All it took was a few moments of sitting on the sidewalk for me to realize I was doing it all wrong. I was walking all wrong. Somewhere between my carefree school days and motherhood, I learned to drown myself in the mundane tasks of day-to-day life.
I burn the midnight oil, never say no, and I have often prioritized my career over my life and my loved ones. Only recently did I take an honest look in the mirror to realize that life is too short to miss, and every moment is precious. I urge you not to miss the life you deserve to lead.
In her new book, Thrive, Arianna Huffington invites us to be present by discovering wonder in our everyday lives. Wonder? What's that? And how do we make time for it when we're constantly wired and consumed by our to-do lists?
"Pick an image that ignites the joy in you. It can be your child, a pet, the ocean, a painting you love -- something that inspires a sense of wonder. And any time you feel contracted, go to it to help you expand."
They are drawn to take the journey toward individuation rather than individualism, and for many, that journey is not just a progression toward a healthy ego--invaluable as that is in itself--but also an opening to the transcendent dimensions of human experience.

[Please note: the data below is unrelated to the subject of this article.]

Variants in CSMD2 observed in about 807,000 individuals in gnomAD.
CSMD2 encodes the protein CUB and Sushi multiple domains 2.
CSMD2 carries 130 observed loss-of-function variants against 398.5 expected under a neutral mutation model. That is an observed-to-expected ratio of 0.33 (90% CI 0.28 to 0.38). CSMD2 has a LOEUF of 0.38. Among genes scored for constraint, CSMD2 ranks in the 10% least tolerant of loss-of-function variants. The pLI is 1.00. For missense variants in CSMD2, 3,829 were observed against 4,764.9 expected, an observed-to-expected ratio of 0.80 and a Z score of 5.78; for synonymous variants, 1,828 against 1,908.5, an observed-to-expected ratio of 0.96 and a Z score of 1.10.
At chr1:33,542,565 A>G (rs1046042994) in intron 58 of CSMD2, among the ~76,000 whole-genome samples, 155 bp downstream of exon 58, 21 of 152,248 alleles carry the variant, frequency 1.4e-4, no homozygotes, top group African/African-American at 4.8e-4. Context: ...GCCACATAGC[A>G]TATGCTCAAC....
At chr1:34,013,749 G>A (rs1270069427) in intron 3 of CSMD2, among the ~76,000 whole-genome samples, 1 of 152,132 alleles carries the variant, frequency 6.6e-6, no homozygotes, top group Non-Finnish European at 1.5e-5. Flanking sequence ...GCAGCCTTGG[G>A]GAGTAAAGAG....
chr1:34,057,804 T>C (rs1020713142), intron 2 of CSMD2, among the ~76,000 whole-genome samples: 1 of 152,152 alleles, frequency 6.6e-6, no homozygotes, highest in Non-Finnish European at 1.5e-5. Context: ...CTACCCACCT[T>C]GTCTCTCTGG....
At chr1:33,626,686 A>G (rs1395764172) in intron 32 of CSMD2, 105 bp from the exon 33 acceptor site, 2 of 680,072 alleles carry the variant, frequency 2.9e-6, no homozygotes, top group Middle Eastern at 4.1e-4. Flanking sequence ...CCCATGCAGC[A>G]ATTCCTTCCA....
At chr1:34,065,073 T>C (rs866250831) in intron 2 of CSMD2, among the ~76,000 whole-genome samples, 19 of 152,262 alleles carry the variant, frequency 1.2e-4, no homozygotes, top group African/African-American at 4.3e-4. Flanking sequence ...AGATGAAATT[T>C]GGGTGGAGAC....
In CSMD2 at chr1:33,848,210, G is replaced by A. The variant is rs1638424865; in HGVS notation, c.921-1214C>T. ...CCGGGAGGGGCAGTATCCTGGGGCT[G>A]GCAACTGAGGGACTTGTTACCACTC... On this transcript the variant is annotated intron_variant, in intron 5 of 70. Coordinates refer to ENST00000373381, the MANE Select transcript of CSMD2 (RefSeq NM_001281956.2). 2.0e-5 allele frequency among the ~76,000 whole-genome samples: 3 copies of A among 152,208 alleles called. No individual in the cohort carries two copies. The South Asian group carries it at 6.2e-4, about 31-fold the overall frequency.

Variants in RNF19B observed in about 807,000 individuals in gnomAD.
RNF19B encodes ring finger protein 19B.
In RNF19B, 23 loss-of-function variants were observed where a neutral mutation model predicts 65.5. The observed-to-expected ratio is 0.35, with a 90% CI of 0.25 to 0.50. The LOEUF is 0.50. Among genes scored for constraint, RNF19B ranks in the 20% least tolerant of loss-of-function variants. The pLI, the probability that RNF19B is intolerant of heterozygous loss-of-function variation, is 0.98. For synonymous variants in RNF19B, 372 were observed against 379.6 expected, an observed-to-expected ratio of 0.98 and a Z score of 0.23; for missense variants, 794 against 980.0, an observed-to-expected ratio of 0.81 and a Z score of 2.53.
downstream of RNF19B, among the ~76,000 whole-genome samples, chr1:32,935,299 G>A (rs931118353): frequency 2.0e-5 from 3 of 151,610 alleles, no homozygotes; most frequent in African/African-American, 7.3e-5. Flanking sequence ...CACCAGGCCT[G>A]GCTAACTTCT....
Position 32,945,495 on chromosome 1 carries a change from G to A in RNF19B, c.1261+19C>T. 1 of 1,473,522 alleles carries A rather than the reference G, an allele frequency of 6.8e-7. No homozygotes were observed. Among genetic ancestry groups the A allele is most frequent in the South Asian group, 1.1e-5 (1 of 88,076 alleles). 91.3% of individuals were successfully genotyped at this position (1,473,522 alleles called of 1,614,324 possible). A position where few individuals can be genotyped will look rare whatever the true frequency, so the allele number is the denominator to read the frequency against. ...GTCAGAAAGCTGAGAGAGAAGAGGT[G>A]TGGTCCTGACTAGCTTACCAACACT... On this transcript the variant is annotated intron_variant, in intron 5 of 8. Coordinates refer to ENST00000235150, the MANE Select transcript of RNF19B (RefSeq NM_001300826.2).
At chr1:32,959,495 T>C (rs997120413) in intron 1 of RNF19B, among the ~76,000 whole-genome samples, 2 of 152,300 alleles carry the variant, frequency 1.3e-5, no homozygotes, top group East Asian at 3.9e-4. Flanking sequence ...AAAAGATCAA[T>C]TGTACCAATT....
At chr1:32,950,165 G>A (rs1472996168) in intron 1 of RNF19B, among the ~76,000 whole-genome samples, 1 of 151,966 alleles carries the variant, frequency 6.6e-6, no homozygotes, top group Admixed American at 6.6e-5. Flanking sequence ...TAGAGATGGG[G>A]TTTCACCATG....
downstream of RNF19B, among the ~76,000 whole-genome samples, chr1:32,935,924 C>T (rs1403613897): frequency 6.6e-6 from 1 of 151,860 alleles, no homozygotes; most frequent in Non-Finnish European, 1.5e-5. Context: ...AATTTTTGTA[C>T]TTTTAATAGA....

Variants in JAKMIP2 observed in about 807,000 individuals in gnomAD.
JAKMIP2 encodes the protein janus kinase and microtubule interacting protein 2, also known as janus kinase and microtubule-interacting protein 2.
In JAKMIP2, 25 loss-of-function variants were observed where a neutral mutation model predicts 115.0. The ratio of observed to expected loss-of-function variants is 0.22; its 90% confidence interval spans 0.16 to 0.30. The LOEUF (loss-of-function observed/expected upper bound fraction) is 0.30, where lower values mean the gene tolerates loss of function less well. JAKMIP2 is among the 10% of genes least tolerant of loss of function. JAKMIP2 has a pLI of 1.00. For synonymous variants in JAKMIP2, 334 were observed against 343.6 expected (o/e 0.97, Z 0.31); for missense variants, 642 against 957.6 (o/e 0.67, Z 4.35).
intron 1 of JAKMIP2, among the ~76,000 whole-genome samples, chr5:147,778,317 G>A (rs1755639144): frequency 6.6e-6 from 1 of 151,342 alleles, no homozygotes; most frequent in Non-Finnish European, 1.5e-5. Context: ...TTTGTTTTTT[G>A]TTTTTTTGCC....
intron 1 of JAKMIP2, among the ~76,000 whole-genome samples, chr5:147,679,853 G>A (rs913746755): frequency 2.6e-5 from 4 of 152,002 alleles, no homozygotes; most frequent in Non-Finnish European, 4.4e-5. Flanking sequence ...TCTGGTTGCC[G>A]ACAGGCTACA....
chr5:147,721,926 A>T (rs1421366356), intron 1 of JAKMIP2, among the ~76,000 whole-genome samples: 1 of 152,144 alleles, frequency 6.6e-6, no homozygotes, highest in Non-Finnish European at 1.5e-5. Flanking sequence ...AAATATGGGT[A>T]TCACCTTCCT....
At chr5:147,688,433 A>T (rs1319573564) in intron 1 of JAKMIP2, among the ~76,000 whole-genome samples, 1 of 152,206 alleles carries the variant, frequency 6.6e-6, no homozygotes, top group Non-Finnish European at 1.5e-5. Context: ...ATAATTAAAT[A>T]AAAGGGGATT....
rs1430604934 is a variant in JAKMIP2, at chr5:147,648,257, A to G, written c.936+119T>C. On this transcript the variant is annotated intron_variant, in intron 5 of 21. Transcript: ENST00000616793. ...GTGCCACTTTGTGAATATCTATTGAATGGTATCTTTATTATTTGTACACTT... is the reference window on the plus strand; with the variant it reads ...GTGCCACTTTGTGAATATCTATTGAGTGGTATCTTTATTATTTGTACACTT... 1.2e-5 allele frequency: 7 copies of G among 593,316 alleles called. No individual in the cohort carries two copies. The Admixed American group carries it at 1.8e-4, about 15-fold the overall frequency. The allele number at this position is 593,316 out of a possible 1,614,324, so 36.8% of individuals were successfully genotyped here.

With the camera, I was and am able to access, harness and convey the extraordinary within the ordinary, profound wonder in the everyday. It's been said that "the camera doesn't lie." If true, then this image is evidence of the magic present in an ordinary nighttime drive uptown.
We might resolve to respond to whatever arises with loving kindness, exploring what might be discovered. Enter life, in the raw and sweaty, and the test gets real darn fast. Getting distracted from good intention can be tricky and takes a bit of doing in the reframing department.
I exit the supermarket at dusk and there it is, beckoning me. Long have I wanted to give you a special gift, but haven't found it, until now, this jewel sliver of divine light, perfectly suspended in the deep blue early night sky.
We blossom and outgrow selves the way butterflies emerge from cocoons. Except that being human, we have the chance to emerge from many cocoons. This poem tries to look back at the many selves I've lived in.
Up to that point in my life, I had thought of hardships as inexplicable events happening to me and others and viewed strength as the ability to endure these unwanted circumstances. Such endurance is certainly a strength.
The great Jewish philosopher, Abraham Heschel said, "We will not perish for want of information; but only for want of appreciation... What we lack is not a will to believe but a will to wonder..." Wonder is the feeling that overcomes us when we enter life and not just watch it.
Just as a sponge can only take on water after being wrung out, so too must we be able -- regardless of our experience or education -- to continually renounce our own fullness, lest we become bloated and stale.